Academic journal article The Arkansas Historical Quarterly

Leo and Verne: The Spa's Heyday

Academic journal article The Arkansas Historical Quarterly

Leo and Verne: The Spa's Heyday

Article excerpt

Leo and Verne: The Spa's Heyday. By Orval E. Allbritton. (hot Springs, AR: Garland County Historical Society, 2003. Pp. 607. Preface, introduction, acknowledgments, foreword by Sid McMath, illustrations. $30.00.)

In Leo and Verne: The Spa 's Heyday, hot Springs historian Orval E. Allbritton chronciles this resort city's history as a gambling town through the lives of the two men who were probably most responsible for the political organization that controlled both the local government and entertainment industry during the early twentieth century. Using an extensive collection of newspaper articles, oral history interviews, court records, and various other documents, Allbritton strings together personal and political vignettes of Leo P. McLaughlin, mayor of hot Springs from 1926 to 1947, and Vernal S. Ledgerwood, the town's police and municipal judge from 1913 to 1947.

In public, these two men seemed a matched set, intertwined by politics, business, and corruption. McLaughlin was usually hailed as the head of the "Administration," as their local political machine was known. Ledgerwood did not challenge that image, although, according to Allbritton, most people knew that Ledgerwood was both the mastermind and the manager of the city and county government operation that protected the illegal hot Springs entertainment industry for almost twenty years. Yet, in spite of growing up in the same city and attending school together, these two political partners were not personal friends and had little to do with each other outside of business. Ledgerwood lived a quiet life with his wife, Bess, while McLaughlin divided his time between his controlling Irish Catholic mother and the women in his life. He was married three times, none happily it seems, and always without his mother's approval. Ledgerwood earned respect as a competent municipal judge, while McLaughlin had a reputation as an opportunist who used his charm and family to gain position, then used that position to maintain his power and flamboyant lifestyle.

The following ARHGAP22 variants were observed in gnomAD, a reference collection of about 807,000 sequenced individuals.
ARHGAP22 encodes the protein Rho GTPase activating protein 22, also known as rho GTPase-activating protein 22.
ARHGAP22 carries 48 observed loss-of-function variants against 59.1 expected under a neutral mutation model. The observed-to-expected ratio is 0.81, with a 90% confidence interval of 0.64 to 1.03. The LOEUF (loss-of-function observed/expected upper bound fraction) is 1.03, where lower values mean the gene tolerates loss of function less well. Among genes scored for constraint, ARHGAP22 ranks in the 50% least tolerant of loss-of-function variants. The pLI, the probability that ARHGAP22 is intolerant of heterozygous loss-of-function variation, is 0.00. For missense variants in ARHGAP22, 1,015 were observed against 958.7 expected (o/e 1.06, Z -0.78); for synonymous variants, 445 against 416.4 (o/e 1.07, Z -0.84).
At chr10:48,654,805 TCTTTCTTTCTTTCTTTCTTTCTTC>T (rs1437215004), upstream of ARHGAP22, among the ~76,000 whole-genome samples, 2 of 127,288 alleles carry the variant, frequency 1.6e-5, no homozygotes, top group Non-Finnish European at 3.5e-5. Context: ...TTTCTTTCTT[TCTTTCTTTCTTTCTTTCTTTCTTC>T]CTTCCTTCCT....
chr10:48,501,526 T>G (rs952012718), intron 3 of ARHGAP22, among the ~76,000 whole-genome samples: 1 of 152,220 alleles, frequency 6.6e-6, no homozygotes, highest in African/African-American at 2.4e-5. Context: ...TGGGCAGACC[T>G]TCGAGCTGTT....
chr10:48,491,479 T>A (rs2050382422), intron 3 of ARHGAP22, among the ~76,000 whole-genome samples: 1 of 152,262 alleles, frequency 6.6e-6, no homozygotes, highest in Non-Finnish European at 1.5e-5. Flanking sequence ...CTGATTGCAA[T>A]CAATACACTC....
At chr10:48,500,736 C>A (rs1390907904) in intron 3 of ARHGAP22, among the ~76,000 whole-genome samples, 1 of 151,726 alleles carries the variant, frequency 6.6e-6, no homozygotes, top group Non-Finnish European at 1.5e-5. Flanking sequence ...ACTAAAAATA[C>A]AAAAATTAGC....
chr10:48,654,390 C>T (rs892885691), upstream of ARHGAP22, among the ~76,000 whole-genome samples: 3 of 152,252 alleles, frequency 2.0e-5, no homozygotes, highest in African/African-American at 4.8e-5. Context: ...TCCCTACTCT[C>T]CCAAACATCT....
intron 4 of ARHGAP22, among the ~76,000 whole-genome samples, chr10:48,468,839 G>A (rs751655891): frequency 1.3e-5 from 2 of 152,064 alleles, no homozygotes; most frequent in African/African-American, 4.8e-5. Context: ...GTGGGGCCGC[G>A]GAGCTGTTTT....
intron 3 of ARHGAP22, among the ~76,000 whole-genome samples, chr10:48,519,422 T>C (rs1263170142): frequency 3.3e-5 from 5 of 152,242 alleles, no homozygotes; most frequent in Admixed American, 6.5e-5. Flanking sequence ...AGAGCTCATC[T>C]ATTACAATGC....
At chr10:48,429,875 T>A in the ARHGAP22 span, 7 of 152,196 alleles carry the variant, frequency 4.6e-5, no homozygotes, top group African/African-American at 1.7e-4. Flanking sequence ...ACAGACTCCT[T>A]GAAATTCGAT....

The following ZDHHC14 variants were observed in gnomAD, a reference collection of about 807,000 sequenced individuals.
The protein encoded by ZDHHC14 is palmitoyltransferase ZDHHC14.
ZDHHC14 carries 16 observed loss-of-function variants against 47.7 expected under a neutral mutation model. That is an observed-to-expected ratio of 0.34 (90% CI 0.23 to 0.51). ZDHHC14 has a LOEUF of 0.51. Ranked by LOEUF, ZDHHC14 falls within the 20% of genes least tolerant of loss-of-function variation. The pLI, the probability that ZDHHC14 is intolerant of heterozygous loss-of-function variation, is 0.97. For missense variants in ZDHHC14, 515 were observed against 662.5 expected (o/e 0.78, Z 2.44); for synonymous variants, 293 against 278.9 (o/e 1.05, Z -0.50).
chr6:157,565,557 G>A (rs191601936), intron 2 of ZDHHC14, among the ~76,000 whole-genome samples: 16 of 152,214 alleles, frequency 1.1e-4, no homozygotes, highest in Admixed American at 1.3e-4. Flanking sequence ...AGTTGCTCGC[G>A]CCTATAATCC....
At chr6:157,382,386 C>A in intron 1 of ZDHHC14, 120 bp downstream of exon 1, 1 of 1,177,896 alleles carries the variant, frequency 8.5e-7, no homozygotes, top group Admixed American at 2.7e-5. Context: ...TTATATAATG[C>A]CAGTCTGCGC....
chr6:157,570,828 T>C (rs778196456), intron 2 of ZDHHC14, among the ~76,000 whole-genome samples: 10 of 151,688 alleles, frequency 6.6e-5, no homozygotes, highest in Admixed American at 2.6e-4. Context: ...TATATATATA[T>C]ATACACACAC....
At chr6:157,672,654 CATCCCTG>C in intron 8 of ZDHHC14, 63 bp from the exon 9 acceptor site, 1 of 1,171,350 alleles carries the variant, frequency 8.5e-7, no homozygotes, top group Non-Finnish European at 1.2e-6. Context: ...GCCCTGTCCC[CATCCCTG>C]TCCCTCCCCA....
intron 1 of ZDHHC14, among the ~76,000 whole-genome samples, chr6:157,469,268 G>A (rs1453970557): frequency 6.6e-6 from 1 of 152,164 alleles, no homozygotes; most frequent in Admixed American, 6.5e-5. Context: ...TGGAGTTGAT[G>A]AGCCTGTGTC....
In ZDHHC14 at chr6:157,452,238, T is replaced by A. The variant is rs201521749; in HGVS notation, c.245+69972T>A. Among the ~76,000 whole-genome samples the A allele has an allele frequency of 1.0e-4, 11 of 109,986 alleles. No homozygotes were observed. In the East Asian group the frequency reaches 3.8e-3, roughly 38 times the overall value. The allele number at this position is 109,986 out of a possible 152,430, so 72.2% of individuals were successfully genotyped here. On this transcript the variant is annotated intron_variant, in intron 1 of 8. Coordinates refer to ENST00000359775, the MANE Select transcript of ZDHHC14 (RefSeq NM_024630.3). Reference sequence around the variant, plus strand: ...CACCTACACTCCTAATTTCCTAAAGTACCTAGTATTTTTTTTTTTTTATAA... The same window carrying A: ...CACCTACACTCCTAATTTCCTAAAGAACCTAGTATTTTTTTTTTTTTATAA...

Kept in power by corrupt elections and a usually complaisant populace, these men used the illegal gambling and entertainment industry to bring prosperity to the city and themselves for two decades. Their reign ended in 1946 when World War II veterans led by Sid McMath staged a takeover of city and county political offices in what has become known as the G.I. Revolt. In his epilogue, Allbritton states that illegal gambling and political corruption were not banished from hot Springs for long but rose again to flourish from 1952 until 1967, when Gov. …

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